Jim Winship was on his way to El Salvador, a country that's suffered from poverty, civil war and gang violence, when he caught a gentle reminder of where he was going.
Waiting to board a plane in Atlanta, Winship -- a UW-Whitewater professor of social work -- heard laughter.
"Salvadorans," he thought, smiling.
Winship has developed a strong interest in the people of El Salvador that began in the early 1970s when he was a Peace Corps volunteer. Winship knows that -- despite the challenges they face -- people in El Salvador are ranked among the happiest in the world.
"It's not the whole picture, but it's part of it," he said.
Winship recently published a book, "Coming of Age in El Salvador," that examines some of the challenges facing El Salvador's youth. He also was recently awarded a Fulbright Scholar Teaching/Research award that will take him to Cartagena, Colombia in 2015.
Winship said people in the U.S. should care about what happens in Latin America. Recent news reports about young migrants underline his point.
"Some people call it a flood," he said. "My book is about that, and also about the Salvadorans who aren't here. But we are incredibly interconnected. We are interconnected technologically and economically in ways we haven't been before.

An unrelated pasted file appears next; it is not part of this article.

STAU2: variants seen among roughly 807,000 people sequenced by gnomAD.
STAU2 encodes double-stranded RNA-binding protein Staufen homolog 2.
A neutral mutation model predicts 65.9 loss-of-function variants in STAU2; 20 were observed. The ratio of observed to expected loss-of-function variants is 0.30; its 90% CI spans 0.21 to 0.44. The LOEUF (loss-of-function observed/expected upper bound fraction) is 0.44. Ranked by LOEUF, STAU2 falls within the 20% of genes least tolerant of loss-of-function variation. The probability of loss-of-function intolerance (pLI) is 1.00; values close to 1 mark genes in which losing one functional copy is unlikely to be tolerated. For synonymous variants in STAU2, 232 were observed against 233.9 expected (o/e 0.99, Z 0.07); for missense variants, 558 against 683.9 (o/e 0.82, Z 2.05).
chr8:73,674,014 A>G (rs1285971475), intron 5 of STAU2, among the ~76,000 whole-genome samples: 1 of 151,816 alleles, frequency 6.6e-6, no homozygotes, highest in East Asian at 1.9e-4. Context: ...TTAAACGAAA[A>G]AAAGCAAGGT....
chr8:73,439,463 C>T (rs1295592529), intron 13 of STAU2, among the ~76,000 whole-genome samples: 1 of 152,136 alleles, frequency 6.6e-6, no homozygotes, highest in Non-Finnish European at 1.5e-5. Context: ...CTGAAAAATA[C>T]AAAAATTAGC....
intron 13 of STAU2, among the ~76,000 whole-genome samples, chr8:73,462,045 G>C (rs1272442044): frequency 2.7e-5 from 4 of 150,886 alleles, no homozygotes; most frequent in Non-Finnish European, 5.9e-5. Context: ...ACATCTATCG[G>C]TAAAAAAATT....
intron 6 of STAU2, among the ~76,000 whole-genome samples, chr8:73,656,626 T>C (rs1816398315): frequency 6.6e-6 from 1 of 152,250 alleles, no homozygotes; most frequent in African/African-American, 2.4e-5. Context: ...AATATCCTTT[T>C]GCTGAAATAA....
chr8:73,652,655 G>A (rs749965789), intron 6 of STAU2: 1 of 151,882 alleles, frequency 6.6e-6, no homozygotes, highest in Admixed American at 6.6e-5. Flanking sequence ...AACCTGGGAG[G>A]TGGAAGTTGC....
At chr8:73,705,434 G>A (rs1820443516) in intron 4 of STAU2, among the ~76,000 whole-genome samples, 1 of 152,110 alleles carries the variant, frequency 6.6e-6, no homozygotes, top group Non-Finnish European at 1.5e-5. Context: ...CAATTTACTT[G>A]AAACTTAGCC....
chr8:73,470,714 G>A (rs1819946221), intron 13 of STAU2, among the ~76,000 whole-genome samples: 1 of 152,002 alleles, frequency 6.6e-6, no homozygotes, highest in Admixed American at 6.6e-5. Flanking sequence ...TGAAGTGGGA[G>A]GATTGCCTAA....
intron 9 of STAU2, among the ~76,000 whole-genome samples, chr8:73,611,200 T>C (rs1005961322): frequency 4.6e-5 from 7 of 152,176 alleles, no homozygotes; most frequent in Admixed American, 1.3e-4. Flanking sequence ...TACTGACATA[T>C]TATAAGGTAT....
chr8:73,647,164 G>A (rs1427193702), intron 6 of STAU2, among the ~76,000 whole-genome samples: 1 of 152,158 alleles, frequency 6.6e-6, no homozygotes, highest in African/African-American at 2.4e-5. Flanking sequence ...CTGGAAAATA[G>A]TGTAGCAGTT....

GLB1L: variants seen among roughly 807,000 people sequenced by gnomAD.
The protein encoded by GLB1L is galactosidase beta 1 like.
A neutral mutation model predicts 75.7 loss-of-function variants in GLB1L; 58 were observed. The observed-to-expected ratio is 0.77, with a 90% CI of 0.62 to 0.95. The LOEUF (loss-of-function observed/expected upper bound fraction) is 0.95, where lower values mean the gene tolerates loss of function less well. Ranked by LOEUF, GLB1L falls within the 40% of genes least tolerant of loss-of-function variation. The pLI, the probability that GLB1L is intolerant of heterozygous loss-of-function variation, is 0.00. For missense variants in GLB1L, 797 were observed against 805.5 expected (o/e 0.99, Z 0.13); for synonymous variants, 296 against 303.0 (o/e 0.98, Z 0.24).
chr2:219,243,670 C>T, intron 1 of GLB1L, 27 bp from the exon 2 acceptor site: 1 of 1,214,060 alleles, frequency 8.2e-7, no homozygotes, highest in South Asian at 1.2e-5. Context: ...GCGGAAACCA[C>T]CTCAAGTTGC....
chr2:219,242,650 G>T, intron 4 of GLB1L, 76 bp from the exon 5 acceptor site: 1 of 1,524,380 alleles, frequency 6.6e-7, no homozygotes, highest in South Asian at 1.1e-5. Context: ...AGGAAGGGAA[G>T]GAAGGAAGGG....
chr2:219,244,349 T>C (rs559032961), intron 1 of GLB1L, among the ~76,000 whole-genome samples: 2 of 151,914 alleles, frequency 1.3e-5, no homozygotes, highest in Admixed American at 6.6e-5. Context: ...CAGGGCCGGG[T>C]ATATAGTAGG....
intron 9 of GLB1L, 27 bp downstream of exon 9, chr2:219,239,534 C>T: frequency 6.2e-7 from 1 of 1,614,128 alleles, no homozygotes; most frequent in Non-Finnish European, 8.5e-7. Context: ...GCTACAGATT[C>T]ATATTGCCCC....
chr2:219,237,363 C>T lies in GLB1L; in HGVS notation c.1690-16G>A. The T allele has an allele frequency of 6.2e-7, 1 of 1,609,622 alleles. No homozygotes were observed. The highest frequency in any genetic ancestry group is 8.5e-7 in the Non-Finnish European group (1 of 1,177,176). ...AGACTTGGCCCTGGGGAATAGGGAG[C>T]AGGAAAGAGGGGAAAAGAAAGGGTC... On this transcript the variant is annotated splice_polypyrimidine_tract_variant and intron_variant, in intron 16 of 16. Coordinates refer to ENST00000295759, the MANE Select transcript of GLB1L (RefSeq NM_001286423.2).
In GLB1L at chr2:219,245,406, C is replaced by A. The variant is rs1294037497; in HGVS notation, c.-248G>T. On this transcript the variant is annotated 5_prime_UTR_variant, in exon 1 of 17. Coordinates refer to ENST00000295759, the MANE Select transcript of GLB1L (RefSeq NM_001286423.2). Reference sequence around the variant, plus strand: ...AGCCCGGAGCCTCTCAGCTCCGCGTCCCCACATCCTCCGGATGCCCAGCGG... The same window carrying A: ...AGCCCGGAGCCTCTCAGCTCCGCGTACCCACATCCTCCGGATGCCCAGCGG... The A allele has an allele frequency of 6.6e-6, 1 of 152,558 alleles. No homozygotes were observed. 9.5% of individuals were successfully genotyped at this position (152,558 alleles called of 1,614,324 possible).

"What happens here affects them and what happens there affects us."
A few years ago, Winship heard author Walter Mosley deliver a lecture on the UW-Whitewater campus. Mosley recounted a conversation he had with youth in Ghana.
"The world knows little about your situation and cares even less," Mosley said.
Those words resonated with Winship.
"It became part of the motivation for writing this book and doing this research," he said. "The idea was to not just understand this reality but to communicate it -- that was the purpose."
In January, Winship will depart for Cartagena. The four-month project is also supported by a UW-Whitewater faculty sabbatical/chancellor fellowship.
In addition to teaching undergraduate courses at the Universidad de Cartagena, Winship will research communities marginalized by armed conflict.
He also plans to produce and leave behind digital educational resources.
"There's a real problem with bibliographic resources in Latin America," Winship said. "Textbooks are expensive and students don't have much money."
This is Winship's second Fulbright award. His first, in 2005, launched his research in El Salvador. Winship has returned to that country 14 times in the last decade, examining issues related to youth and migration. In August, Winship will return to El Salvador to speak at events sponsored by the U.S. Embassy and the government of El Salvador.
During his research trips, Winship has learned firsthand why studies rank Salvadorans as so happy. He said El Salvador is an expressive country and people have close and strong relationships.
Winship has also learned something about himself in this country of happy people.
"I laugh more when I am there," he said.
-- Written by Ben Jones, top photo by Craig Schreiner